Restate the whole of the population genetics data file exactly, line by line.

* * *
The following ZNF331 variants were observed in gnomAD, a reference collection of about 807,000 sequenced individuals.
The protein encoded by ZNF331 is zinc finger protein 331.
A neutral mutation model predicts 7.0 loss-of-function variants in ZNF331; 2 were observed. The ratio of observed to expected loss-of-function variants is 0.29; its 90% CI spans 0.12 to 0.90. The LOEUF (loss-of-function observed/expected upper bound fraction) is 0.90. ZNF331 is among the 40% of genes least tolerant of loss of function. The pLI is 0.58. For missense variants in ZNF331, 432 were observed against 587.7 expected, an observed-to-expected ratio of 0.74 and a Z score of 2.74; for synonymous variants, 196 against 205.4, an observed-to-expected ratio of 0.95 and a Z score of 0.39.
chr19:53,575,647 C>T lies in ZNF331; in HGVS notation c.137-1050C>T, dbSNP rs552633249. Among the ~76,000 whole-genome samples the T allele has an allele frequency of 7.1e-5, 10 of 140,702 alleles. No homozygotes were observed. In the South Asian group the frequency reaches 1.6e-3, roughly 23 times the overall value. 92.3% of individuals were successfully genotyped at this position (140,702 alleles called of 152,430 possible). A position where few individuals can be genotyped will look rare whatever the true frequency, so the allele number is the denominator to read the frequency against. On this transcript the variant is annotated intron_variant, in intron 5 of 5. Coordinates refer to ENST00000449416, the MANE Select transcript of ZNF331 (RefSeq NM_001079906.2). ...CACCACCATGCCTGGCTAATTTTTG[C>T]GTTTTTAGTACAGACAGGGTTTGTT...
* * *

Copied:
The following ZNF331 variants were observed in gnomAD, a reference collection of about 807,000 sequenced individuals.
The protein encoded by ZNF331 is zinc finger protein 331.
A neutral mutation model predicts 7.0 loss-of-function variants in ZNF331; 2 were observed. The ratio of observed to expected loss-of-function variants is 0.29; its 90% CI spans 0.12 to 0.90. The LOEUF (loss-of-function observed/expected upper bound fraction) is 0.90. ZNF331 is among the 40% of genes least tolerant of loss of function. The pLI is 0.58. For missense variants in ZNF331, 432 were observed against 587.7 expected, an observed-to-expected ratio of 0.74 and a Z score of 2.74; for synonymous variants, 196 against 205.4, an observed-to-expected ratio of 0.95 and a Z score of 0.39.
chr19:53,575,647 C>T lies in ZNF331; in HGVS notation c.137-1050C>T, dbSNP rs552633249. Among the ~76,000 whole-genome samples the T allele has an allele frequency of 7.1e-5, 10 of 140,702 alleles. No homozygotes were observed. In the South Asian group the frequency reaches 1.6e-3, roughly 23 times the overall value. 92.3% of individuals were successfully genotyped at this position (140,702 alleles called of 152,430 possible). A position where few individuals can be genotyped will look rare whatever the true frequency, so the allele number is the denominator to read the frequency against. On this transcript the variant is annotated intron_variant, in intron 5 of 5. Coordinates refer to ENST00000449416, the MANE Select transcript of ZNF331 (RefSeq NM_001079906.2). ...CACCACCATGCCTGGCTAATTTTTG[C>T]GTTTTTAGTACAGACAGGGTTTGTT...